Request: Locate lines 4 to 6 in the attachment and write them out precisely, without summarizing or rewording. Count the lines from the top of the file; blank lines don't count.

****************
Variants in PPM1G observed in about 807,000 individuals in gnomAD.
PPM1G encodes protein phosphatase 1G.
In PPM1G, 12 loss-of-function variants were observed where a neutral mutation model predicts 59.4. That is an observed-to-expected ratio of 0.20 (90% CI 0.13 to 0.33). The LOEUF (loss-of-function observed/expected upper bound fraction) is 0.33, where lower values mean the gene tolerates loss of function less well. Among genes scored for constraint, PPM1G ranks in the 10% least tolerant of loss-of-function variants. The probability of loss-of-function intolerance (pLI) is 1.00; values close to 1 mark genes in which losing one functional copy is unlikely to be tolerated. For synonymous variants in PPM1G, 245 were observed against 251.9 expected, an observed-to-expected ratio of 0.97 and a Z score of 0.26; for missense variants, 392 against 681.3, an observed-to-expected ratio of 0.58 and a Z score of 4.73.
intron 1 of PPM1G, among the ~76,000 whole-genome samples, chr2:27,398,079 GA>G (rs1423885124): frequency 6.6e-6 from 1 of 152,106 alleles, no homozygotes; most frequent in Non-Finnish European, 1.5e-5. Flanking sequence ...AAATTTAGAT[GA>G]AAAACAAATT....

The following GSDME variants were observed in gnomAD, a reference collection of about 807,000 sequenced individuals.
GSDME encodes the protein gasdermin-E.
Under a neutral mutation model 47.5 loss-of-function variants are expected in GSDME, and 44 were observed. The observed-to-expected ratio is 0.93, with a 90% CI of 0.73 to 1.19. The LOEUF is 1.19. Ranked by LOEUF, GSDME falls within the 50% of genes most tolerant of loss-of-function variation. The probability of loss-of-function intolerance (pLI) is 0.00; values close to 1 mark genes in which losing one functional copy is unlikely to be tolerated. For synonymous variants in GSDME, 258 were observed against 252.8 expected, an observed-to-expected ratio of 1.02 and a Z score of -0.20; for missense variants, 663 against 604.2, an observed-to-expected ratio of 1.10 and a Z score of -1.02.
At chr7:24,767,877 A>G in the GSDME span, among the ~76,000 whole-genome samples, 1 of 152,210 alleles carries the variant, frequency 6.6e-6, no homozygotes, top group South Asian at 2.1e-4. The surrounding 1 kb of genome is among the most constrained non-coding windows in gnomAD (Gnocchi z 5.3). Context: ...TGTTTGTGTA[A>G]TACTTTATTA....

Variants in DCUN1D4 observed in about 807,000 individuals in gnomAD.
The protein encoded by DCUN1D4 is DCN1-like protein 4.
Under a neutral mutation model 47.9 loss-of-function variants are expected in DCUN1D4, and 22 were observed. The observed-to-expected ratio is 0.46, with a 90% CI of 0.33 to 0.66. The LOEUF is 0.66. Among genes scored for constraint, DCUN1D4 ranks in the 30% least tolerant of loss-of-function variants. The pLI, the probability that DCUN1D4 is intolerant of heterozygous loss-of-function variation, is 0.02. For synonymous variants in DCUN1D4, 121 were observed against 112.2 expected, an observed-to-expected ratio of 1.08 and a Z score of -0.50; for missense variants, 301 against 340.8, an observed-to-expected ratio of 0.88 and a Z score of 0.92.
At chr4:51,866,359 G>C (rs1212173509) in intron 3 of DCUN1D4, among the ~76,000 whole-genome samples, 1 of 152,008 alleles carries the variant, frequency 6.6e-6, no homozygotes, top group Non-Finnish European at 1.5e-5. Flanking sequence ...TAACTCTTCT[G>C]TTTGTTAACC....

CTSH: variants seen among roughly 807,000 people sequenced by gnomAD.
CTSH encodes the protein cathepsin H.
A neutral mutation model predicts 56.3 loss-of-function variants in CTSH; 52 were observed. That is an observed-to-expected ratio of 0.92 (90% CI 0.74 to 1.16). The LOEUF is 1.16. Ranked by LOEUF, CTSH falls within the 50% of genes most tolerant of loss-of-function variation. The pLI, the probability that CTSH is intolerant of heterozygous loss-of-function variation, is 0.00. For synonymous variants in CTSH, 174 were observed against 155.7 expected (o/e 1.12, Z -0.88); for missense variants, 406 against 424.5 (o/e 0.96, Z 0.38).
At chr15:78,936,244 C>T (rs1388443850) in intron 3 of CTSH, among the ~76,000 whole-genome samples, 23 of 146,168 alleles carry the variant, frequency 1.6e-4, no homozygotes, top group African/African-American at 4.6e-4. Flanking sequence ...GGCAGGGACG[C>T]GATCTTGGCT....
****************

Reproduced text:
intron 1 of PPM1G, among the ~76,000 whole-genome samples, chr2:27,398,079 GA>G (rs1423885124): frequency 6.6e-6 from 1 of 152,106 alleles, no homozygotes; most frequent in Non-Finnish European, 1.5e-5. Flanking sequence ...AAATTTAGAT[GA>G]AAAACAAATT....

The following GSDME variants were observed in gnomAD, a reference collection of about 807,000 sequenced individuals.
GSDME encodes the protein gasdermin-E.